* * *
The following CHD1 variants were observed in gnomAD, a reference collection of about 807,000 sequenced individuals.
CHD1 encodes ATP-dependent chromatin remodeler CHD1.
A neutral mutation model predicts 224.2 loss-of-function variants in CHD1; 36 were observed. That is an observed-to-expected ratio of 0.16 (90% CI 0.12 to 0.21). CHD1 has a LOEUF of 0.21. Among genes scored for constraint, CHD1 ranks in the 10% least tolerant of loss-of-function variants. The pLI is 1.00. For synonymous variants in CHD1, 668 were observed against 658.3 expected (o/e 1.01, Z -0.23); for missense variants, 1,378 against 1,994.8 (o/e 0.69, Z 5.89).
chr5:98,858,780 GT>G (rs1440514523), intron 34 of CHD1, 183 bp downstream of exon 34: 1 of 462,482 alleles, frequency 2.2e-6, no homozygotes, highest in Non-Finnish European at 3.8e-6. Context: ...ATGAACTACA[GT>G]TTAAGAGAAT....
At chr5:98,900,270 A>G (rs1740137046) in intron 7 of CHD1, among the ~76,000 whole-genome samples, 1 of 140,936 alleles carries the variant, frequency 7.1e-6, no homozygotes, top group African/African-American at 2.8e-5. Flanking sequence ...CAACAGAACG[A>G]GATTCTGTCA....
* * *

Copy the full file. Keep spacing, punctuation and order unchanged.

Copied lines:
The following CHD1 variants were observed in gnomAD, a reference collection of about 807,000 sequenced individuals.
CHD1 encodes ATP-dependent chromatin remodeler CHD1.
A neutral mutation model predicts 224.2 loss-of-function variants in CHD1; 36 were observed. That is an observed-to-expected ratio of 0.16 (90% CI 0.12 to 0.21). CHD1 has a LOEUF of 0.21. Among genes scored for constraint, CHD1 ranks in the 10% least tolerant of loss-of-function variants. The pLI is 1.00. For synonymous variants in CHD1, 668 were observed against 658.3 expected (o/e 1.01, Z -0.23); for missense variants, 1,378 against 1,994.8 (o/e 0.69, Z 5.89).
chr5:98,858,780 GT>G (rs1440514523), intron 34 of CHD1, 183 bp downstream of exon 34: 1 of 462,482 alleles, frequency 2.2e-6, no homozygotes, highest in Non-Finnish European at 3.8e-6. Context: ...ATGAACTACA[GT>G]TTAAGAGAAT....
At chr5:98,900,270 A>G (rs1740137046) in intron 7 of CHD1, among the ~76,000 whole-genome samples, 1 of 140,936 alleles carries the variant, frequency 7.1e-6, no homozygotes, top group African/African-American at 2.8e-5. Flanking sequence ...CAACAGAACG[A>G]GATTCTGTCA....